When that was done I issue the jockey-kde command and selected the first entry on the list. The machine worked as it should on restarting apart from an AMD message at the bottom right hand corner bemoaning unrecognised hardware. There had been two entries on that Jockey list with exactly the same name so it was time to select the second of these and see how it went. On restarting, the incompatibility message had gone and all was well. VMware even started virtual machines with 3D support without any messages so the upgrade did the needful there.

Hearing of someone doing two PC graphics card upgrades in a weekend may make you see them as an enthusiast but my disinterest in computer gaming belies this. Maybe it highlights that Linux operating systems need 3D more than might be expected. The Cinnamon desktop environment now issues messages if it is operating in 2D mode with software 3D rendering and GNOME always had the tendency to fall back to classic mode, as it had been doing when Sabayon was installed on my standby PC. However, there remain cases where Linux can rejuvenate older hardware and I installed Lubuntu onto a machine with 10 year old technology on there (an 1100 MHz Athlon CPU, 1GB of RAM and 60GB of hard drive space in case dating from 1998) and it works surprisingly well too.

It seems that having fancier desktop environments like GNOME Shell and Cinnamon means having the hardware on which it could run. For a while, I have been tempted by the possibility of a new PC since even my main machine is not far from four years old either. However, I also spied a CPU, motherboard and RAM bundle featuring an Intel Core i5-4670 CPU, 8GB of Corsair Vengence Pro Blue memory and a Gigabyte Z87-HD3 ATX motherboard included as part of a pre-built bundle (with a heatsink and fan for the CPU) for around £420. Even for someone who has used AMD CPU’s since 1998, that does look tempting but I’ll hold off before making any such upgrade decisions. Apart from exercising sensible spending restraint, waiting for Linux UEFI support to mature a little more may be no bad idea either.

Update 2013-06-23: The new graphics card in my main machine is working as it should and has reduced the number of system error report messages turning up too; maybe Ubuntu GNOME 13.04 didn’t fancy the old graphics card all that much. A rogue .fonts.conf file was found in my home area on the standby machine and removing it has improved how fonts are displayed on there immeasurably. If you find one on your system, it’s worth doing the same or renaming it to see if it helps. Otherwise, tinkering with the font rendering settings is another beneficial act and it even helps on Debian 6 too and that uses GNOME 2! Seeing what happens on Debian 7.1 could be something that I go testing sometime.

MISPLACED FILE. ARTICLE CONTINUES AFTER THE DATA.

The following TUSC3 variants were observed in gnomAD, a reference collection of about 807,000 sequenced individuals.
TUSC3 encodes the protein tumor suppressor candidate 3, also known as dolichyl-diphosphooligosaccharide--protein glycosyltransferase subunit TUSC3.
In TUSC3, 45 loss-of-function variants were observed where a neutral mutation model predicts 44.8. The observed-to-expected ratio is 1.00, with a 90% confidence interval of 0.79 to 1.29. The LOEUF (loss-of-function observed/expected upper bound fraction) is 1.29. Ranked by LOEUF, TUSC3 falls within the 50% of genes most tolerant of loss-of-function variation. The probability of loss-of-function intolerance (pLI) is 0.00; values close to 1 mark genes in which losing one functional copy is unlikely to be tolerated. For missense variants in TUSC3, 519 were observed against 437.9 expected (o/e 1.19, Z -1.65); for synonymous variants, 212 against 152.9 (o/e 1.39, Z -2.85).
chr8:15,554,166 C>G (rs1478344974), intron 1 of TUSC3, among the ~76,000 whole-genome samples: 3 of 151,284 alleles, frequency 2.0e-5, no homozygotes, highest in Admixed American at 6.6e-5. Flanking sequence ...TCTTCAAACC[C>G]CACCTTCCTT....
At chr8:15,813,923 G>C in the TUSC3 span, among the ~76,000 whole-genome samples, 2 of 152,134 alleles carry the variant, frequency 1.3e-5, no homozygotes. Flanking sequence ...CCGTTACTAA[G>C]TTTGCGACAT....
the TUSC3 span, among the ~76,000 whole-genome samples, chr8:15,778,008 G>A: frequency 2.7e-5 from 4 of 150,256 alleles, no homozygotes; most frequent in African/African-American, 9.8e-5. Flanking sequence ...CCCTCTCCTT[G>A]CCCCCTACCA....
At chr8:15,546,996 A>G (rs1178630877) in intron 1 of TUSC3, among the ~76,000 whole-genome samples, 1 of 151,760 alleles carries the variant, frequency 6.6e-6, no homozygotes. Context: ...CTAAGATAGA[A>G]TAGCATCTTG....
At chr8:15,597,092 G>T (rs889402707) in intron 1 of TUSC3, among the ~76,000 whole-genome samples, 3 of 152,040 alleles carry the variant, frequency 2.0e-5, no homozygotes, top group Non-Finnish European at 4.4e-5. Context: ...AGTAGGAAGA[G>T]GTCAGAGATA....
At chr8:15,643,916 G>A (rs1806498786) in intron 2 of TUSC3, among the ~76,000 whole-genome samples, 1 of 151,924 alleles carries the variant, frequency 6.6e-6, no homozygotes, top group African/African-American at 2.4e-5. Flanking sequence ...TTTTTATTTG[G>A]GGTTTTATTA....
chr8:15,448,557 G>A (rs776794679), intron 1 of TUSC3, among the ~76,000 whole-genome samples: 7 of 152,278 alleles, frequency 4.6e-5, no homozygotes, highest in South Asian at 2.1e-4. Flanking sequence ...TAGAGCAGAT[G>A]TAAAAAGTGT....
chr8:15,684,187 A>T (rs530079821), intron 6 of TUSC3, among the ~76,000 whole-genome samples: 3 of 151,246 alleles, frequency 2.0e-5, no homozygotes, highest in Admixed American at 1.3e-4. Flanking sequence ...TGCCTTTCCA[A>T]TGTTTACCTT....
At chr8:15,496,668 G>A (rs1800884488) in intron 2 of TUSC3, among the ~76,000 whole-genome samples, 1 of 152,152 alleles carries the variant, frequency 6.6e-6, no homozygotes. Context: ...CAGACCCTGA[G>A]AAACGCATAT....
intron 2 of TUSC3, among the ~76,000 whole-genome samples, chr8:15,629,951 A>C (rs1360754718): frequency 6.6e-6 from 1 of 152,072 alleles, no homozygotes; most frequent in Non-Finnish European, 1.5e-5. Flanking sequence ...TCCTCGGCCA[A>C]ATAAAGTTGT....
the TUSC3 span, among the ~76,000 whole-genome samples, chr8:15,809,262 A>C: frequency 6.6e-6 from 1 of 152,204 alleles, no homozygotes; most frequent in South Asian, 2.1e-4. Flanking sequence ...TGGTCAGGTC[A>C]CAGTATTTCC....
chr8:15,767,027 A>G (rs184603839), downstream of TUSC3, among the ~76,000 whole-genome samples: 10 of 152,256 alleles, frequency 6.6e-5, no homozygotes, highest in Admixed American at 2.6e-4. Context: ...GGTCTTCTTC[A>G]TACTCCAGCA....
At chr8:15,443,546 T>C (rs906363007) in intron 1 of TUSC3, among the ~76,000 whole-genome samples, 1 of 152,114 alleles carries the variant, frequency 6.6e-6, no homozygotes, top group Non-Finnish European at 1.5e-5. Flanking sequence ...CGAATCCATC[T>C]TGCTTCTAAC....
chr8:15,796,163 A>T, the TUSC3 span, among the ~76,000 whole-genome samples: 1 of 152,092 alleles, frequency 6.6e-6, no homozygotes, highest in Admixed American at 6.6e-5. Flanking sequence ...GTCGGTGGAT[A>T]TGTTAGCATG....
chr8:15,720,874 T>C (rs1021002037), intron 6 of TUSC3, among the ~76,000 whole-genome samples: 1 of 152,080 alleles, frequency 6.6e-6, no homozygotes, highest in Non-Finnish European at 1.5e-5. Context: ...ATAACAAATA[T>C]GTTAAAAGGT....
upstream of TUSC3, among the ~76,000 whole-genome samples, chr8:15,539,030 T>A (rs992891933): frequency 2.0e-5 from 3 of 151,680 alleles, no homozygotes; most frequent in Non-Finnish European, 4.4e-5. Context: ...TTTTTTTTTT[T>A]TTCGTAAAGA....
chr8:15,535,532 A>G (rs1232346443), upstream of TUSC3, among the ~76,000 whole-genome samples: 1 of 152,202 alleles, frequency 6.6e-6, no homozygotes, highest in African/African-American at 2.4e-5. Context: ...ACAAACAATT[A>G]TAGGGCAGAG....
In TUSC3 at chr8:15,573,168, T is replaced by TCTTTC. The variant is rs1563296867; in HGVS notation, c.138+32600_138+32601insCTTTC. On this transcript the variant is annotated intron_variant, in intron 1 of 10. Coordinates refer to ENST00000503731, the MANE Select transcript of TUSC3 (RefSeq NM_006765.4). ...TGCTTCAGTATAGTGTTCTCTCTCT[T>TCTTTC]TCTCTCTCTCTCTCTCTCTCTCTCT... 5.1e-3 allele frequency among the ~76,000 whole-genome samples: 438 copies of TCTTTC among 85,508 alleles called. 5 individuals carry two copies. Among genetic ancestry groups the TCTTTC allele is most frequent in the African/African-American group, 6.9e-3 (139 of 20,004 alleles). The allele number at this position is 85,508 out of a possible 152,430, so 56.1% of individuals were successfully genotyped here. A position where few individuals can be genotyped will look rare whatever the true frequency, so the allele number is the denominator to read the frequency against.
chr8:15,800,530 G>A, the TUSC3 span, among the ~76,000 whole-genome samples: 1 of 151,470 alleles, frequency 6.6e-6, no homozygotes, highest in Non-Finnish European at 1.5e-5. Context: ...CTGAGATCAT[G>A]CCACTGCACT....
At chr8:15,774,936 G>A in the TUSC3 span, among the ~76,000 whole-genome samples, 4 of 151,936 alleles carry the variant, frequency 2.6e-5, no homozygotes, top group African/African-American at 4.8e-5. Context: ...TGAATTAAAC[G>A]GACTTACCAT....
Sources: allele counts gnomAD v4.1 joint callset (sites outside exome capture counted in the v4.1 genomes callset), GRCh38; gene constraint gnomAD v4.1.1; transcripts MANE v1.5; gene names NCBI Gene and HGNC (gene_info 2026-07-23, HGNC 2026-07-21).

Best left until later in the year?

In the middle of last year, my home computing experience was one of feeling displaced. A combination of a stupid accident and a power outage had rendered my main PC unusable. What followed was an enforced upgrade that use combination that was familiar to me: Gigabyte motherboard, AMD CPU and Crucial memory. However, assembling that lot and attaching components from the old system from the old system resulted in the sound of whirring fans but nothing appearing on-screen. Not having useful beeps to guide me meant that it was a case of undertaking educated guesswork until the motherboard was found to be at fault. In a situation like this, a deeper knowledge of electronics would have been handy and might have saved me money too. As for the motherboard, it is hard to say whether it was a faulty set from the outset or whether there was a mishap along the way, either due ineptitude with static or incompatibility with a power supply. What really tells the tale on the mainboard was the fact that all of the other components are working well in other circumstances, even that old power supply.

A few years back, I had another experience with a problematic motherboard, an Asus this time, that ate CPU’s and damaged a hard drive before I stabilised things. That was another upgrade attempted in the first half of the year. My first round of PC building was in the third quarter of 1998 and that went smoothly once I realised that a new case was needed. Similarly, another PC rebuild around the same time of year in 2005 was equally painless. Based on these experiences, I should not be blamed for waiting until later in the year before doing another rebuild, preferably a planned one rather than an emergency.

Of course, there may be another factor involved too. The hint was a non-working Sony DVD writer that was acquired early last year when it really was obvious that we were in the middle of a downturn. Could older unsold inventory be a contributor? Well, it fits in with seeing poor results twice, In addition, it would certainly tally with a problematical PC rebuild in 2002 following the end of the Dot Com bubble and after the deadly Al Qaeda attack on New York’s World Trade Centre. An IBM hard drive that was acquired may not have been the best example of the bunch and the same comment could apply to the Asus motherboard. The resulting construction may have been limping but it was working and I tolerated.